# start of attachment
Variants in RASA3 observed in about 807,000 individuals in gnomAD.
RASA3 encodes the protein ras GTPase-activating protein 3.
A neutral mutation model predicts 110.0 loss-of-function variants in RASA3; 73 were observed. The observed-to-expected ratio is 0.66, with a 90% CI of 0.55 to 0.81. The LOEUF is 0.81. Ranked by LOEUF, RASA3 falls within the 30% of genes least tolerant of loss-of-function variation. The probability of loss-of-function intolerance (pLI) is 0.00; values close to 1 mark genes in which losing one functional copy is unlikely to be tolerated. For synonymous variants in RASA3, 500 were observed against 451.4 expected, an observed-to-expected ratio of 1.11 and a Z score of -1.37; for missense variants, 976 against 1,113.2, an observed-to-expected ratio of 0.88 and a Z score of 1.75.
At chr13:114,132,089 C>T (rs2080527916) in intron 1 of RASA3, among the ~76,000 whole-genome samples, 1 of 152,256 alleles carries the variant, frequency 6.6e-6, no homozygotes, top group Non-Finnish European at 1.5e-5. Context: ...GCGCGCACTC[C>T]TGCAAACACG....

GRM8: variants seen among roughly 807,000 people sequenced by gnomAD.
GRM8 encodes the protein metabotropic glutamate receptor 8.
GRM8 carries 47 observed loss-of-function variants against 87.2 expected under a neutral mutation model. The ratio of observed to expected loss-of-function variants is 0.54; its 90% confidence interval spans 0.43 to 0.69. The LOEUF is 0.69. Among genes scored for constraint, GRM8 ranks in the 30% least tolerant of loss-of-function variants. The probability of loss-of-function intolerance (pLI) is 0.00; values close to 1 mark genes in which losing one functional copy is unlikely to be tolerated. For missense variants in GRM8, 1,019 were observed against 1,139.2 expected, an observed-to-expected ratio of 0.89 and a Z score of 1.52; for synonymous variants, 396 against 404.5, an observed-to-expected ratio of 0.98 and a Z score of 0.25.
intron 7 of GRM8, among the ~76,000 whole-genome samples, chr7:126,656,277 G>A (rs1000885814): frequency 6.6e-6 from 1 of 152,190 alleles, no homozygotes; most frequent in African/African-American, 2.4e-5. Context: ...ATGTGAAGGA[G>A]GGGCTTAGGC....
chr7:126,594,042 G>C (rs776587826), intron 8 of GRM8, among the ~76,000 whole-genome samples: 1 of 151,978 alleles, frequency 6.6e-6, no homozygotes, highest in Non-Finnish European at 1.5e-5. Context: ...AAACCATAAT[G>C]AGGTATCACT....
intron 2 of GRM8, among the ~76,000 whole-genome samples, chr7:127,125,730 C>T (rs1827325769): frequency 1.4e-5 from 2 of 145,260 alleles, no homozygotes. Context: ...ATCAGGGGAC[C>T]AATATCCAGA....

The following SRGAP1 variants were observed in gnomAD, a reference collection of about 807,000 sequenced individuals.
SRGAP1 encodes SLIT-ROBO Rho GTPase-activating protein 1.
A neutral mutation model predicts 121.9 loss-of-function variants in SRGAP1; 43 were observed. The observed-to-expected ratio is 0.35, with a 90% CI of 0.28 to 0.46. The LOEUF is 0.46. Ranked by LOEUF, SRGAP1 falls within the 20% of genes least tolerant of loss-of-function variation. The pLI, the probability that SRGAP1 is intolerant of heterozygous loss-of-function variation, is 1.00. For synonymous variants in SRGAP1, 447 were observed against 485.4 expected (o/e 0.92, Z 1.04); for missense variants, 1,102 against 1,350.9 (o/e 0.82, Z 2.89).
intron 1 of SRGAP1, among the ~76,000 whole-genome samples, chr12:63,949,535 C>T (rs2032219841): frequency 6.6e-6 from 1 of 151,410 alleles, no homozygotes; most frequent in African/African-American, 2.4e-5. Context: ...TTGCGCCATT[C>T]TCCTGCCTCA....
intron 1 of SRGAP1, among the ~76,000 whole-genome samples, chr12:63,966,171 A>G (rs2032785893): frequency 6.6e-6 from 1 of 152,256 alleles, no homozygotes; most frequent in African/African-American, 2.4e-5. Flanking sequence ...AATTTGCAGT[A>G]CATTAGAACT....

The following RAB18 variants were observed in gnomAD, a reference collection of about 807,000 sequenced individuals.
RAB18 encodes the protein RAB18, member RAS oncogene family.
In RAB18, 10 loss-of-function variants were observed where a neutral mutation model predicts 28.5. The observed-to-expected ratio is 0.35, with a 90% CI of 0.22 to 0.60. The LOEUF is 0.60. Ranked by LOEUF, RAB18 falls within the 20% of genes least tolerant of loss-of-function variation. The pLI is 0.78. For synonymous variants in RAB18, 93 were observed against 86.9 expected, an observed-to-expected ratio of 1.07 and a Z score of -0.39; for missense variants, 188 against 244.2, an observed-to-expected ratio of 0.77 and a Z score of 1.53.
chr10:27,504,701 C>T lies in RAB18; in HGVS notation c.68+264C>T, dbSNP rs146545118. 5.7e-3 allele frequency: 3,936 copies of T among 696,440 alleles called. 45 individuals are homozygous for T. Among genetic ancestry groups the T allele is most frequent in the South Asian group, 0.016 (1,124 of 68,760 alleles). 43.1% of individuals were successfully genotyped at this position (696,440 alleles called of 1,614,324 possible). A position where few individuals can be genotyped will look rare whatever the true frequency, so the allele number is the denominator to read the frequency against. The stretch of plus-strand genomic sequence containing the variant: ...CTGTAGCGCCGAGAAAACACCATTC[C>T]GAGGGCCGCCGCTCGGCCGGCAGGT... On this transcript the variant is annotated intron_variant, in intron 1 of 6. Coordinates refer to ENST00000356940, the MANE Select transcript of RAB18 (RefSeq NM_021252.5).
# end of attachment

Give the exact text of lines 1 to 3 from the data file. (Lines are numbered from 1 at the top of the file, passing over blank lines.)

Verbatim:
Variants in RASA3 observed in about 807,000 individuals in gnomAD.
RASA3 encodes the protein ras GTPase-activating protein 3.
A neutral mutation model predicts 110.0 loss-of-function variants in RASA3; 73 were observed. The observed-to-expected ratio is 0.66, with a 90% CI of 0.55 to 0.81. The LOEUF is 0.81. Ranked by LOEUF, RASA3 falls within the 30% of genes least tolerant of loss-of-function variation. The probability of loss-of-function intolerance (pLI) is 0.00; values close to 1 mark genes in which losing one functional copy is unlikely to be tolerated. For synonymous variants in RASA3, 500 were observed against 451.4 expected, an observed-to-expected ratio of 1.11 and a Z score of -1.37; for missense variants, 976 against 1,113.2, an observed-to-expected ratio of 0.88 and a Z score of 1.75.